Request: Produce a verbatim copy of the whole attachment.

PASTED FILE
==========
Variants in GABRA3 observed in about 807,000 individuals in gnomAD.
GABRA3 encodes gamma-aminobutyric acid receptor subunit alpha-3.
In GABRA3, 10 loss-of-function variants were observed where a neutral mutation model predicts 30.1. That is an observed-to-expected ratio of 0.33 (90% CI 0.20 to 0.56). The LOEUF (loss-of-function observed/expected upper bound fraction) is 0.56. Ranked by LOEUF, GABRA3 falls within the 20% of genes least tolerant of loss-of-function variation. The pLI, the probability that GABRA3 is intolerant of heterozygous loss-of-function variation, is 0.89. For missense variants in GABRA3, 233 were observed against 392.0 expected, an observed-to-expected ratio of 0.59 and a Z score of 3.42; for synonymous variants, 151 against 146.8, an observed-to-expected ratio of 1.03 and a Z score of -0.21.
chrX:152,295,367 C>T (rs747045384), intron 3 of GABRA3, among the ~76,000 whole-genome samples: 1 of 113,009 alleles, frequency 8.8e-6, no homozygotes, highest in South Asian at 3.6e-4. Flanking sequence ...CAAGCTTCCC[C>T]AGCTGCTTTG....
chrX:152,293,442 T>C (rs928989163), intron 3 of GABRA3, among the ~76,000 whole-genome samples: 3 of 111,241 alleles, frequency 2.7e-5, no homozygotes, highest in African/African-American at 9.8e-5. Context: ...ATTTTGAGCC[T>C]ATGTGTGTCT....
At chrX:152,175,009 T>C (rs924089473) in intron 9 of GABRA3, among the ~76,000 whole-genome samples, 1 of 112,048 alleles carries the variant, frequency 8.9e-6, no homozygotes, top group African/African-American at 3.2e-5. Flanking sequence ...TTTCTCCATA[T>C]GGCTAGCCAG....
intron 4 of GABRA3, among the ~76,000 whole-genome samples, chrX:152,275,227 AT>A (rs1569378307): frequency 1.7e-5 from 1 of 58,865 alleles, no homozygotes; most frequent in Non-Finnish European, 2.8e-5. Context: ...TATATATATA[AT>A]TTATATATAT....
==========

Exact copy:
Variants in GABRA3 observed in about 807,000 individuals in gnomAD.
GABRA3 encodes gamma-aminobutyric acid receptor subunit alpha-3.
In GABRA3, 10 loss-of-function variants were observed where a neutral mutation model predicts 30.1. That is an observed-to-expected ratio of 0.33 (90% CI 0.20 to 0.56). The LOEUF (loss-of-function observed/expected upper bound fraction) is 0.56. Ranked by LOEUF, GABRA3 falls within the 20% of genes least tolerant of loss-of-function variation. The pLI, the probability that GABRA3 is intolerant of heterozygous loss-of-function variation, is 0.89. For missense variants in GABRA3, 233 were observed against 392.0 expected, an observed-to-expected ratio of 0.59 and a Z score of 3.42; for synonymous variants, 151 against 146.8, an observed-to-expected ratio of 1.03 and a Z score of -0.21.
chrX:152,295,367 C>T (rs747045384), intron 3 of GABRA3, among the ~76,000 whole-genome samples: 1 of 113,009 alleles, frequency 8.8e-6, no homozygotes, highest in South Asian at 3.6e-4. Flanking sequence ...CAAGCTTCCC[C>T]AGCTGCTTTG....
chrX:152,293,442 T>C (rs928989163), intron 3 of GABRA3, among the ~76,000 whole-genome samples: 3 of 111,241 alleles, frequency 2.7e-5, no homozygotes, highest in African/African-American at 9.8e-5. Context: ...ATTTTGAGCC[T>C]ATGTGTGTCT....
At chrX:152,175,009 T>C (rs924089473) in intron 9 of GABRA3, among the ~76,000 whole-genome samples, 1 of 112,048 alleles carries the variant, frequency 8.9e-6, no homozygotes, top group African/African-American at 3.2e-5. Flanking sequence ...TTTCTCCATA[T>C]GGCTAGCCAG....
intron 4 of GABRA3, among the ~76,000 whole-genome samples, chrX:152,275,227 AT>A (rs1569378307): frequency 1.7e-5 from 1 of 58,865 alleles, no homozygotes; most frequent in Non-Finnish European, 2.8e-5. Context: ...TATATATATA[AT>A]TTATATATAT....